Birds collected during the Whitney South Sea Expedition. 27, Notes on the variation of immature and adult plumages in birds and a physiological explanation of abnormal plumages. American Museum novitates ; no. 666

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New York City : The American Museum of Natural History
"Summarizing the results of the investigation of these plumages I can state the following facts: 1. The first-year plumage of Neolalage banksiana (Gray) shows two types of plumage: one, apparently more primitive, with a less intense pigmentation, which may be called a 'retarded' plumage; and the other approaching in pigmentation the adult dress, which may be called a 'progressive' plumage. 2. There is no clear-cut division between these two plumages; several specimens are intermediate in their characters. 3. There is a definite geographical correlation between the frequency of the two plumages on the various islands. On certain islands (as Efate and Aoba) all, or the majority, of the first-year birds wear a 'retarded' plumage; on other islands (as Santo and Malekula) all, or the majority, of the first-year birds wear a 'progressive' plumage. 4. The sexual dimorphism is frequently more pronounced in the first-year plumage than in the adult dress. Adult males and females are very much alike in this species, but the first-year plumage of the male is usually much more 'progressive' than that of the female. 5. The 'progressiveness' of an individual feather depends a great deal upon the time of its molt. Those feathers of the first-year plumage that grow first, as the wing-feathers and certain of the wing-coverts, resemble the adult feathers least. In some cases, feathers with a much more immature appearance (having grown earlier) can be found adjoining feathers with decidedly more adult characters. 6. The changing of the physiological status toward the adult condition can be observed in many individual feathers (particularly the tail-feathers). The tip of such a feather greatly resembles an equivalent typical immature feather, while the base is more like that of an adult feather. 7. Progressive feathers of the first-year plumage resemble adult feathers not only in pigmentation but frequently also in structure. This makes it quite difficult in extreme cases to decide whether a certain specimen is a first-year bird in 'progressive' plumage or an adult bird in 'retarded' plumage"--P. 7-8.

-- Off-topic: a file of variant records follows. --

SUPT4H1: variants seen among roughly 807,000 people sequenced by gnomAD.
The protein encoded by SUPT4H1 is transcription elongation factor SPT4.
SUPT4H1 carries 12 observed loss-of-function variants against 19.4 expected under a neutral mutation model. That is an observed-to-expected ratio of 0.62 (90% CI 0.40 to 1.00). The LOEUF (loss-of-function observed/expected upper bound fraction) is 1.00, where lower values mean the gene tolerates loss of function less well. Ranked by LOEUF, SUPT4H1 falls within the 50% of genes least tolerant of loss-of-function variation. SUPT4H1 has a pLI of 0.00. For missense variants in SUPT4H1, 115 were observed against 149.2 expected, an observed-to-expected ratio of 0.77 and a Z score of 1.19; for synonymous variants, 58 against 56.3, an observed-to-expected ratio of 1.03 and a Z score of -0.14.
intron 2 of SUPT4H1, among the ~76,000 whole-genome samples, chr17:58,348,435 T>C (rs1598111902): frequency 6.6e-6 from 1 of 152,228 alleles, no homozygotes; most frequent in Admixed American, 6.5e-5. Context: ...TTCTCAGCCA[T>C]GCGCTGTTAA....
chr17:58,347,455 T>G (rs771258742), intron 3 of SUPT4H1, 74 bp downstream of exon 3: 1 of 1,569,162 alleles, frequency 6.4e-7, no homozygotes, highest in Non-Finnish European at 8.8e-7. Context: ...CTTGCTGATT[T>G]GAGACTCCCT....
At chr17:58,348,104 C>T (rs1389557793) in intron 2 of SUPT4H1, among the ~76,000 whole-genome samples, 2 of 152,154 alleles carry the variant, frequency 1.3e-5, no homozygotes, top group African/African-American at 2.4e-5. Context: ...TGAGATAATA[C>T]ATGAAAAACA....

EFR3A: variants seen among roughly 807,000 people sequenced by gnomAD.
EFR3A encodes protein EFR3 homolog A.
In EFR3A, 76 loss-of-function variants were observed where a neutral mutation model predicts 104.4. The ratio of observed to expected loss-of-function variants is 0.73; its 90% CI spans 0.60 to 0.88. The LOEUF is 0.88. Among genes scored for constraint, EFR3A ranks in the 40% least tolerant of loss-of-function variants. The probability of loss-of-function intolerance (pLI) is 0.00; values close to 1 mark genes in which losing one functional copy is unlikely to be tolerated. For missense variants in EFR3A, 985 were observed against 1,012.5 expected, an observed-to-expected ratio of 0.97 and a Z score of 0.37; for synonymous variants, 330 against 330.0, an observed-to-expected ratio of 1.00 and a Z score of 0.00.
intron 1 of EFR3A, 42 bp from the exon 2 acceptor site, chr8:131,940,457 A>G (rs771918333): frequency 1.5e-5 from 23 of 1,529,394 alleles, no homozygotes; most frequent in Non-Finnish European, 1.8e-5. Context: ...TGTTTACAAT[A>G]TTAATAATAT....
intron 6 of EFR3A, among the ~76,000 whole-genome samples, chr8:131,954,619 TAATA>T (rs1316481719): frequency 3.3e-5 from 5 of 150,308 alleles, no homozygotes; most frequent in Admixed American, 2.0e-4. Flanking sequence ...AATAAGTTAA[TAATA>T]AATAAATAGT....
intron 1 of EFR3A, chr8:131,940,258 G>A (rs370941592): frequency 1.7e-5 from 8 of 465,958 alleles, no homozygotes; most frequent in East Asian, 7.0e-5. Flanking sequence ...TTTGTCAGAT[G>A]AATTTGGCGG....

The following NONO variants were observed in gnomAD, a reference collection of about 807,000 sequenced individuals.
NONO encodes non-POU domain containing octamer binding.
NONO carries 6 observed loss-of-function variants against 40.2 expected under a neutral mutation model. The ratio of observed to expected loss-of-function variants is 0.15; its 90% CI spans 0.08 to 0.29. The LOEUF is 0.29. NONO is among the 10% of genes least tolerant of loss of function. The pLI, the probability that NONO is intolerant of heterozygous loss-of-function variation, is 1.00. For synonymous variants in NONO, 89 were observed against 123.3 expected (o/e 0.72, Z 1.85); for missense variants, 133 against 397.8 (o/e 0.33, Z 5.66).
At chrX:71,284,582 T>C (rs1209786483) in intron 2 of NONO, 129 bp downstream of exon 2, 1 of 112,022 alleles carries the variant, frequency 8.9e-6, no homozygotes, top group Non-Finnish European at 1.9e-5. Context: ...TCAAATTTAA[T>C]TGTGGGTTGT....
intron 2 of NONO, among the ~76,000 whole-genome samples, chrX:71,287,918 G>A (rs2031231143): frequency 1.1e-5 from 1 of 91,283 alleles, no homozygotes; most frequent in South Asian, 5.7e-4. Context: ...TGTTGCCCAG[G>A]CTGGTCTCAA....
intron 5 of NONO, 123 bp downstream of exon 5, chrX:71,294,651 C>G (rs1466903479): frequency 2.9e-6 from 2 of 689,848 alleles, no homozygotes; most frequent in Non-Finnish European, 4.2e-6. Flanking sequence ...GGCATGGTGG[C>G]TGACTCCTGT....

10 p. ; 24 cm.
Includes bibliographical references.